The Future of Content?

Erin Kissane gives a fascinating presentation of her thoughts on some of the missteps made so far by some brands, and suggests 3 qualities to strive for when creating content frameworks. She suggests that these provide a context for the usual references of UX and IA people, and those us marketing folk (useful, relevant, entertaining etc).

Namely:

1. Balance – harmonising seemingly opposing user needs, whilst leaving room for users to find their own uses for the content we create. An example of a balanced approach is Google’s home page – just a logo and and a search box (no ads!), compared with Yahoo.

2. Interconnection – making content not just shareable, but interconnected with all parts of the internet, and users real lives. e.g. Twitter, and more recently the development of the Kindle platform as opposed to the product.  Not an example is The Tomes pay-wall!

3. Stability – simply put, avoiding creating content frameworks being over dependent upon someonelses API.

Erin Kissane — Making sense of the (new) new content landscape from Together London on Vimeo.

She makes this observation towards the end:

“The important thing about a (content) framework isn’t the framework itself, it’s not even the building you build on top of it, it;s what happens when you walk into the cathedral……whatever we do when we take all these bricks we need to create buildings that let are users accomplish more, do more and be more, with our content….” 

 This echoes strongly with Cory Doctorow’s quote (which I have referenced before, here)

“Content isn’t King, Conversation is…….”

And suggests that success of Content Strategy lies in acknowledging that, as with all marketing, the focus should not be in what you want to say or sell, but in creating stuff that consumers want, to create something valuable that people will engage with.

Or as Henry Jenkins puts it

“The key is to produce something that pulls people together and gives them something to do”

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It’s not what you do, or how you do it…

The most important question we need to ask ourselves as brands and people is “Why do we do what we do?” …”What’s our purpose?”.  Then our stories will stand a chance of connecting.

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How to wander with purpose

Paul Isakson, like me has read Donald Millers ‘A Million Miles in a Thousand Years’.  He’s done a lot more with it than I have so far! Memo to self – “Get your arse in gear!”

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You learn more when you are smiling

Gerald Richards: Transforming Education Through Relevancy & Experience from Piers Fawkes on Vimeo.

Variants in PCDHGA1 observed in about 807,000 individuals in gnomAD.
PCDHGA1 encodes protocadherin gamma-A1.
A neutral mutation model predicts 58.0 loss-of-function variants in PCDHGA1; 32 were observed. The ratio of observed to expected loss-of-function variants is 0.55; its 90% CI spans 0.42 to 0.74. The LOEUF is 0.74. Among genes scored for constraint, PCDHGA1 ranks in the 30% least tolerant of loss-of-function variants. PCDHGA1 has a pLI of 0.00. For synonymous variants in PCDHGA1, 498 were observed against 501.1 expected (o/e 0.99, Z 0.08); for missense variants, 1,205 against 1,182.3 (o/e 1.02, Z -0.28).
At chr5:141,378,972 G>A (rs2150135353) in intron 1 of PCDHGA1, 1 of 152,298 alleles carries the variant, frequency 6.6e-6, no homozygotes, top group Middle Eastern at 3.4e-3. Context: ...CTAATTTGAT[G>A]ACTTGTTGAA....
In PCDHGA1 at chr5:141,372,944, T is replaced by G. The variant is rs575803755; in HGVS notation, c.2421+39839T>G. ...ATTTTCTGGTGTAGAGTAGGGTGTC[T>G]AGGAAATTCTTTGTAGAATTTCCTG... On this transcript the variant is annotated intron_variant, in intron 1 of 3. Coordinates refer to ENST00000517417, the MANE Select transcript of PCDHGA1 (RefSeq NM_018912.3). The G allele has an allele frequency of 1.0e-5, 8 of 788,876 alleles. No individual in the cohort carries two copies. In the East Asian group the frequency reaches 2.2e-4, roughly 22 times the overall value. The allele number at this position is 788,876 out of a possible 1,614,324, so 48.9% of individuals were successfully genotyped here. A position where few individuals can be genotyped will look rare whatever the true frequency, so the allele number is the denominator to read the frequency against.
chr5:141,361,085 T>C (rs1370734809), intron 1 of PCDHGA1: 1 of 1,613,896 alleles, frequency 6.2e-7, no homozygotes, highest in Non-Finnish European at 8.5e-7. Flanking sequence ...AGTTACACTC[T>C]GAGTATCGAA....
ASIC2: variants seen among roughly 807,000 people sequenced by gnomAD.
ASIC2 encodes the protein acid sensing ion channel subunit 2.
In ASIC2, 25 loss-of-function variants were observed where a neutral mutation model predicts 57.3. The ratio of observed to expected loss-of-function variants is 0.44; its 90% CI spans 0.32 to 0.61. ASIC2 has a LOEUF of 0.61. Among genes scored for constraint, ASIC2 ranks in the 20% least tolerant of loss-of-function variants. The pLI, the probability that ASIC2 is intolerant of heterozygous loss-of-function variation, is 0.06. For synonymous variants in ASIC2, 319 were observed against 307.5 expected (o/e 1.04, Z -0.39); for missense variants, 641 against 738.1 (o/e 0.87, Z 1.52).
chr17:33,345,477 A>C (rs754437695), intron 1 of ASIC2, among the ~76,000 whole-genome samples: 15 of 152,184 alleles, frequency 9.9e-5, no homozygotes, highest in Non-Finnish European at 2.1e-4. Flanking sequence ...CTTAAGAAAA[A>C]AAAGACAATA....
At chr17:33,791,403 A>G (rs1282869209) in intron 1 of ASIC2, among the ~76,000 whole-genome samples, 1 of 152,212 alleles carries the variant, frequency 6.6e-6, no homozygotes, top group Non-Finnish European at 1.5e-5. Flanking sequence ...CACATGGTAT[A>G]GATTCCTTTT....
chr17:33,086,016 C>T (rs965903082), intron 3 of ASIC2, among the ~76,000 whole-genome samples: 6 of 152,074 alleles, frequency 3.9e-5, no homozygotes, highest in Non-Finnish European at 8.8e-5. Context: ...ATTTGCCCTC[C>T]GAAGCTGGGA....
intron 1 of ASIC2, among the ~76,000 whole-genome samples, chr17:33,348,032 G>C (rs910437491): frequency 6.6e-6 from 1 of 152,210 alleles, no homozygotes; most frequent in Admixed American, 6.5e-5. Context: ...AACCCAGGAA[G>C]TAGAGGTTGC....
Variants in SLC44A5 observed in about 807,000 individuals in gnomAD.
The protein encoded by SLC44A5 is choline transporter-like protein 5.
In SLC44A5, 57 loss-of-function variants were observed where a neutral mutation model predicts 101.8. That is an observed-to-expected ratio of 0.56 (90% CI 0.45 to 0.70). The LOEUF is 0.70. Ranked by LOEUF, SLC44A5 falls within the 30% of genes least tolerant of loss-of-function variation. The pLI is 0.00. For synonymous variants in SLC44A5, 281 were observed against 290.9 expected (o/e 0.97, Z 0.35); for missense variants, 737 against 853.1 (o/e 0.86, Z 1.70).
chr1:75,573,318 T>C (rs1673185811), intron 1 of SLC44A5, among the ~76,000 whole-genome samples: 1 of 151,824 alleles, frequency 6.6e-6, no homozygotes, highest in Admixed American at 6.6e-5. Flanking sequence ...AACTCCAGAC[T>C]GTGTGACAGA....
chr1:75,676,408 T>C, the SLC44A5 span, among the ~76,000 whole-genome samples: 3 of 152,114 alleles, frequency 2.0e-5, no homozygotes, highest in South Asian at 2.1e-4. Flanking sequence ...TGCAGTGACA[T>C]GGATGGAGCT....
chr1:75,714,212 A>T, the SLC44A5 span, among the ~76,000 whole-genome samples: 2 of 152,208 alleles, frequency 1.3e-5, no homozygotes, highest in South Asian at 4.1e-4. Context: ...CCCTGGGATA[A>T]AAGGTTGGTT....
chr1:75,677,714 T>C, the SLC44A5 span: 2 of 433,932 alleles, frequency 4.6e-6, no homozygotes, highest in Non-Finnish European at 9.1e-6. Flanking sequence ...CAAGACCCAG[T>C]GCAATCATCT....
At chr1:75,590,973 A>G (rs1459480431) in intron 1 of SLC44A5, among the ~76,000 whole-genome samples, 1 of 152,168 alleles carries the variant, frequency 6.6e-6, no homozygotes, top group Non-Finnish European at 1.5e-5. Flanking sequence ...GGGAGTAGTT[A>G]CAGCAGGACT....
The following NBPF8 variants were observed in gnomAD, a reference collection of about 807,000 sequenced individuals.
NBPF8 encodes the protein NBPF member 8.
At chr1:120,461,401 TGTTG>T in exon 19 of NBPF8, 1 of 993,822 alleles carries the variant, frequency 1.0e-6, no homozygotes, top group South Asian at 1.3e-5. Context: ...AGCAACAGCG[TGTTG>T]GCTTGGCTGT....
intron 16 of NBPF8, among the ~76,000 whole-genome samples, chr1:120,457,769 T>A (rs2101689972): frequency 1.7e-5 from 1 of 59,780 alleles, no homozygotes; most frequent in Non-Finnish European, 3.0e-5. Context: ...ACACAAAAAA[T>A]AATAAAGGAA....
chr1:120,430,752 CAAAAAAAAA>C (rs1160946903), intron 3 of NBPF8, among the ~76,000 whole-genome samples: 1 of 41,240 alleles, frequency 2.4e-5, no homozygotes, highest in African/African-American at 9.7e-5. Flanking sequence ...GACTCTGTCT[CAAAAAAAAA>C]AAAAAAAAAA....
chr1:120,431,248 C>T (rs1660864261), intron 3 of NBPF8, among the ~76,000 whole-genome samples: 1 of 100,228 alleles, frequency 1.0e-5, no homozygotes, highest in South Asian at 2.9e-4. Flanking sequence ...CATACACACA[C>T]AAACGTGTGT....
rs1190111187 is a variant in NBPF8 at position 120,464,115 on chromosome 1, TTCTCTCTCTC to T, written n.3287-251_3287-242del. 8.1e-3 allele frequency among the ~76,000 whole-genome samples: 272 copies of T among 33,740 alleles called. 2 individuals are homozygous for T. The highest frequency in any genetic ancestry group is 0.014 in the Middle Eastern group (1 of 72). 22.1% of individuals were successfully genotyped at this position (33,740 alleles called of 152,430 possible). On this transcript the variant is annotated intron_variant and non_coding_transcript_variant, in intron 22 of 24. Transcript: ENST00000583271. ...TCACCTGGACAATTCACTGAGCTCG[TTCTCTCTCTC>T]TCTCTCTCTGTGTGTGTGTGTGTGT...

826 centers offer a variety of inventive programs that provide under-resourced students, ages 6-18, with opportunities to explore their creativity and improve their writing skills. They also aim to help teachers get their classes excited about writing. Their mission is based on the understanding that great leaps in learning can happen with one-on-one attention, and that strong writing skills are fundamental to future success.

This is one of those ideas that you immediately find yourself saying “why not here?”.

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Occupy Manifesto

In response to criticism that they were a random collection of issue groups, without any clear over-arching vision and purpose, the Occupy movement have worked with Michael Moore to to create their manifesto, that clearly states their agenda.

I imagine only those that fear losing (money, power, influence, control) could find any of these aims unreasonable.

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The Power of Story

Joe Gebbia: The Power of Story from Piers Fawkes on Vimeo.

Airbnb Founder demonstrates the power that human stories have in the engagement with and spread of ideas. He speaks about his start-ups journey–and the growing convergence of entrepreneurship and design.

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…and maybe our digital wallets won’t just have to be digital

Proverbial Wallets from John Kestner on Vimeo.

We have trouble controlling our consumer impulses, and there’s a gap between our decision and the consequences. This is magnified by the digitization of money. When we pull a product off the shelf, do we know what our bank account balance is, or whether we’re over budget for the month? Our existing senses are inadequate to warn us.

 

The Proverbial Wallet gives us that financial sense at the point of purchase by un-abstracting virtual assets. Tactile feedback reflecting our personal balances and transactions helps us develop a subconscious financial sense that guides responsible decisions. In addition to providing a visceral connection to our virtual money, tactile output keeps personal information private and ambient.

 

This is a project by the Information Ecology group at the MIT Media Lab. Read more at http://eco.media.mit.edu/proverbialwallets/

 

News on production at http://johnkestner.com/proverbialwallets/

 

Credits: John Kestner, Daniel Leithinger, Henry Holtzman, Emily Tow, Danny Bankman

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